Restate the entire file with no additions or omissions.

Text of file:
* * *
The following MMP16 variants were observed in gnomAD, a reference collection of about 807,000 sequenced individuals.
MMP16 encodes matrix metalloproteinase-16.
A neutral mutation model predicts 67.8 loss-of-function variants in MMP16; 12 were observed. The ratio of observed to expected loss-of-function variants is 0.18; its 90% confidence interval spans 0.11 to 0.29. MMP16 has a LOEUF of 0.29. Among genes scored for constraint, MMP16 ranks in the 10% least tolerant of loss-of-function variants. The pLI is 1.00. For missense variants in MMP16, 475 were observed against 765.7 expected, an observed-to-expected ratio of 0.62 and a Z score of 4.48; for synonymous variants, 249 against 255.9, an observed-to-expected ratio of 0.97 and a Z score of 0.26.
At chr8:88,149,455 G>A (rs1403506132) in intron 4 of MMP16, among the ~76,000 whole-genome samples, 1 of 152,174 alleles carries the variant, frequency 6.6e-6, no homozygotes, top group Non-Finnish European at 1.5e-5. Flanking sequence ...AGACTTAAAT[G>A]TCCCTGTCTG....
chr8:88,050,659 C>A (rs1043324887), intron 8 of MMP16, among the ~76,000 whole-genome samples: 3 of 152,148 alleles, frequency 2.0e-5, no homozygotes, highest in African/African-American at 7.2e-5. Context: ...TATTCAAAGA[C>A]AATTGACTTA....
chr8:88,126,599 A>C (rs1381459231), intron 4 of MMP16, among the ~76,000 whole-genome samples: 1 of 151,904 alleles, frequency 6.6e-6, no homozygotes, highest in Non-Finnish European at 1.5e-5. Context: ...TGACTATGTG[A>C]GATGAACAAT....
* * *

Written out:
The following MMP16 variants were observed in gnomAD, a reference collection of about 807,000 sequenced individuals.
MMP16 encodes matrix metalloproteinase-16.
A neutral mutation model predicts 67.8 loss-of-function variants in MMP16; 12 were observed. The ratio of observed to expected loss-of-function variants is 0.18; its 90% confidence interval spans 0.11 to 0.29. MMP16 has a LOEUF of 0.29. Among genes scored for constraint, MMP16 ranks in the 10% least tolerant of loss-of-function variants. The pLI is 1.00. For missense variants in MMP16, 475 were observed against 765.7 expected, an observed-to-expected ratio of 0.62 and a Z score of 4.48; for synonymous variants, 249 against 255.9, an observed-to-expected ratio of 0.97 and a Z score of 0.26.
At chr8:88,149,455 G>A (rs1403506132) in intron 4 of MMP16, among the ~76,000 whole-genome samples, 1 of 152,174 alleles carries the variant, frequency 6.6e-6, no homozygotes, top group Non-Finnish European at 1.5e-5. Flanking sequence ...AGACTTAAAT[G>A]TCCCTGTCTG....
chr8:88,050,659 C>A (rs1043324887), intron 8 of MMP16, among the ~76,000 whole-genome samples: 3 of 152,148 alleles, frequency 2.0e-5, no homozygotes, highest in African/African-American at 7.2e-5. Context: ...TATTCAAAGA[C>A]AATTGACTTA....
chr8:88,126,599 A>C (rs1381459231), intron 4 of MMP16, among the ~76,000 whole-genome samples: 1 of 151,904 alleles, frequency 6.6e-6, no homozygotes, highest in Non-Finnish European at 1.5e-5. Context: ...TGACTATGTG[A>C]GATGAACAAT....